Next step for Queen’s Centre

Arena likely to be moved to west campus; AMS allocates student contributions

After two town hall meetings in less than a week, details of the next step of Queen’s Centre construction are still uncertain. Although plans indicate installation of a pre-fabricated arena on west campus will go ahead, the project team has yet to decide which part of phase two will go up on main campus.

Associate Dean of Student Affairs Roxy Dennison-Stewart told the Journal Monday that the Board of Trustees hasn’t been considering plans for an arena in the Queen’s Centre since at least December.

“It just hasn’t shown up in any diagrams, so it’s hard to imagine that it would show back up.”

Dennison-Stewart said the official decision to build an arena on west campus won’t be made until the Board of Trustees meeting on Mar. 6.

“The conventional wisdom we’ve been taking about involves the arena on west campus, but the technical decision hasn’t been made,” she said.

Dennison-Stewart said the change may provide new benefits for students, even though it differs from the on-campus arena that was part of the original Queen’s Centre design and was approved at the March 2005 annual general meeting. She said the Board is still providing the promised arena and that the new design may result in greater use of west campus.

“I’m not sure that I would phrase it that the students didn’t get what they wanted,” she said. “While some of the pieces may not be in the same order, the overall facility will be tremendous. We really have to focus on what we’re gaining.”

One benefit of the change is to allow for spectator seating in the fieldhouse, which wasn’t in the original plans, Dennison-Stewart said. She added that the change in plans is largely due to the increased financial pressures on the Queen’s Centre project, as a pre-fabricated arena on west campus is much less expensive than an integrated arena and fieldhouse. She couldn’t comment on the exact savings involved.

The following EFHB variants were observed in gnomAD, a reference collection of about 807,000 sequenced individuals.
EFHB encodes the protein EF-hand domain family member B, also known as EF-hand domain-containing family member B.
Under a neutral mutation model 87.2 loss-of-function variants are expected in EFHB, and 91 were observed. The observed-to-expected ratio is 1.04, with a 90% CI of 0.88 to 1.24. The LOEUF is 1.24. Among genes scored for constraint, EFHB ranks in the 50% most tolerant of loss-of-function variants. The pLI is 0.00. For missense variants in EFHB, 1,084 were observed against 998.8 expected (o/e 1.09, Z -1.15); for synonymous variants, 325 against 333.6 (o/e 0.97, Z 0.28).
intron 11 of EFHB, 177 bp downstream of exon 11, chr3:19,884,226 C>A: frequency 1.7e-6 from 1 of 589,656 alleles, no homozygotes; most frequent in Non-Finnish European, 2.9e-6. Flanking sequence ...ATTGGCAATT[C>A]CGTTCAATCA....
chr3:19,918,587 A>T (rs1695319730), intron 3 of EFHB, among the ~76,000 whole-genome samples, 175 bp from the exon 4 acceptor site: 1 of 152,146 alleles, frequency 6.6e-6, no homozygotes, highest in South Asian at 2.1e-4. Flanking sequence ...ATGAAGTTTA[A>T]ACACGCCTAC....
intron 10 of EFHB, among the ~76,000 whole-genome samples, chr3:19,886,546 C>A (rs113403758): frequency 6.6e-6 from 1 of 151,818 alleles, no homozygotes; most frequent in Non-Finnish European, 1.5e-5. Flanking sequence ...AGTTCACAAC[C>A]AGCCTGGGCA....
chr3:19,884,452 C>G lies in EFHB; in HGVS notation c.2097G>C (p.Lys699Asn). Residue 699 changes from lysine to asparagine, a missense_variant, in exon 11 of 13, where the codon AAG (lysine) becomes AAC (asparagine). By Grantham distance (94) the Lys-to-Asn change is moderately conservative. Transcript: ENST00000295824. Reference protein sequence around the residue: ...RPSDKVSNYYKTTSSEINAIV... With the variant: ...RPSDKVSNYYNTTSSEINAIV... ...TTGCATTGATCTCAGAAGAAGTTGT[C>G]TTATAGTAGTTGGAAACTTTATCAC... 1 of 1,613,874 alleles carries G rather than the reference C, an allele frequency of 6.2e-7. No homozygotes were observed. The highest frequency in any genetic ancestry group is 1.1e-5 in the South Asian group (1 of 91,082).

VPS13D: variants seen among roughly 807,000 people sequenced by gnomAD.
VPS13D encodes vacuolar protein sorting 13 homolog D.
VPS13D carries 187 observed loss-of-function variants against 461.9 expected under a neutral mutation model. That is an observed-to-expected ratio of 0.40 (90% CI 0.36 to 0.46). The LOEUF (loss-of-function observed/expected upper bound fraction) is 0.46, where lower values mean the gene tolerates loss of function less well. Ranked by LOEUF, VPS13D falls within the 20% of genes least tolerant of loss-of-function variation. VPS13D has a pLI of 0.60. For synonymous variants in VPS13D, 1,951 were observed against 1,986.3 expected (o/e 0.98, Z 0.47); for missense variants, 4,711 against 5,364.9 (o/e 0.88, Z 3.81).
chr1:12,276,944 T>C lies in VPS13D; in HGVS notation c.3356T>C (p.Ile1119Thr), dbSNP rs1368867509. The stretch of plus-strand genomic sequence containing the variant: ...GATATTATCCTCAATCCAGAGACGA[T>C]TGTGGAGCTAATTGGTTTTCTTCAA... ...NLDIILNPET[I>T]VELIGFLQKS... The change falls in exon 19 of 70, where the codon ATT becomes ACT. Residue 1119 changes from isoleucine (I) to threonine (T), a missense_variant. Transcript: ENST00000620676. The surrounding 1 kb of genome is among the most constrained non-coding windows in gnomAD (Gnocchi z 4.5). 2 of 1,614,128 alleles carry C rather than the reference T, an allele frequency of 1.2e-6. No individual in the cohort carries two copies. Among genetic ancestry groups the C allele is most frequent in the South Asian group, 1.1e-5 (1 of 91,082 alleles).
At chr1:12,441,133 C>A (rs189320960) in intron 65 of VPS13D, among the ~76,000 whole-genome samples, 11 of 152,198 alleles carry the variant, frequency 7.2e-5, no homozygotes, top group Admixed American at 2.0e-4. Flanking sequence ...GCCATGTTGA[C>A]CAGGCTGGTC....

“Things change; we have to reflect that change as much as we possibly can,” she said. “We have to use the students’ money wisely. It’s all about providing the best opportunities for students within the dollars available to us.”

Director of Athletics and Recreation Leslie Dal Cin said she also didn’t have enough information to comment on the specific financial savings of building a pre-fabricated arena on west campus.

“I have no idea of the numbers,” she said.

Dal Cin said building the fieldhouse next will favour students by providing more options for recreation, intramurals and varsity athletics.

Associate Director of facilities Herb Steacy said the new design for the fieldhouse will provide a multi-use facility on campus that can be utilized for concerts, ceremonies, exams and assemblies similar to the old Jock Harty Arena. He said a stand-alone fieldhouse will be even more multi-purpose than the old arena was.

“This will be nicer and more versatile,” he said.

On Monday night, AMS Assembly voted unanimously to recommend building the student life centre before the fieldhouse.

Rector Leora Jackson said supporting this plan is more in tune with the goals of the AMS.

“We’re charged with representing student interests, and although the student life centre and JDUC renovation is more expensive, it represents more students.”